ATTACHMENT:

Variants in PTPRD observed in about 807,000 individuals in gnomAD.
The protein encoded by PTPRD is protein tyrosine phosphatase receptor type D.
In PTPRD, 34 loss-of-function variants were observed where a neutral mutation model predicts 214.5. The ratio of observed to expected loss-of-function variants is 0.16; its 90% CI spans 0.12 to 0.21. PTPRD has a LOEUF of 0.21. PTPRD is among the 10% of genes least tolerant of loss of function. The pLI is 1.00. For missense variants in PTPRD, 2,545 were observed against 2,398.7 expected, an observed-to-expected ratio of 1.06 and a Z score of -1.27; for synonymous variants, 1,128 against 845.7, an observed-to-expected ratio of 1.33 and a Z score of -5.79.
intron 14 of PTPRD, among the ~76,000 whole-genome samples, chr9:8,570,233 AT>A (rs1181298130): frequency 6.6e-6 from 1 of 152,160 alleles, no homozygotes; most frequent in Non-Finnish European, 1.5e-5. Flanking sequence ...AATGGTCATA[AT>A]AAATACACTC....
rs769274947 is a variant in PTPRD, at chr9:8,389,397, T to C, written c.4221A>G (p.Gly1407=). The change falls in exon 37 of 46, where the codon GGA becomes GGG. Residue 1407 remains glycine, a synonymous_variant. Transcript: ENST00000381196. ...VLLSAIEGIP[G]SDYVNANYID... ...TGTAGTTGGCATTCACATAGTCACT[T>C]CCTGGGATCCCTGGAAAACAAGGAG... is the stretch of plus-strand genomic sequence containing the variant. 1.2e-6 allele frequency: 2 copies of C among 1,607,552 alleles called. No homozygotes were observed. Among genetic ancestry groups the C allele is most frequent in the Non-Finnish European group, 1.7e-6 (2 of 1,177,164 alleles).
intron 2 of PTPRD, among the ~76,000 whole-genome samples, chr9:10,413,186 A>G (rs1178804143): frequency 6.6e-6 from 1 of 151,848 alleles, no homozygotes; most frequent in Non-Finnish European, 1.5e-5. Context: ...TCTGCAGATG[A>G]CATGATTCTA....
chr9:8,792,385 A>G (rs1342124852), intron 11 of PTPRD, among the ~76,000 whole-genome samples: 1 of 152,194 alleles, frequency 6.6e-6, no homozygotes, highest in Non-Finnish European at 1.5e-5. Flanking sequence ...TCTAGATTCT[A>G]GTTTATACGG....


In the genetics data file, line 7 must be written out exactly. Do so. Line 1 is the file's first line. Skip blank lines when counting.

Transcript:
chr9:8,792,385 A>G (rs1342124852), intron 11 of PTPRD, among the ~76,000 whole-genome samples: 1 of 152,194 alleles, frequency 6.6e-6, no homozygotes, highest in Non-Finnish European at 1.5e-5. Flanking sequence ...TCTAGATTCT[A>G]GTTTATACGG....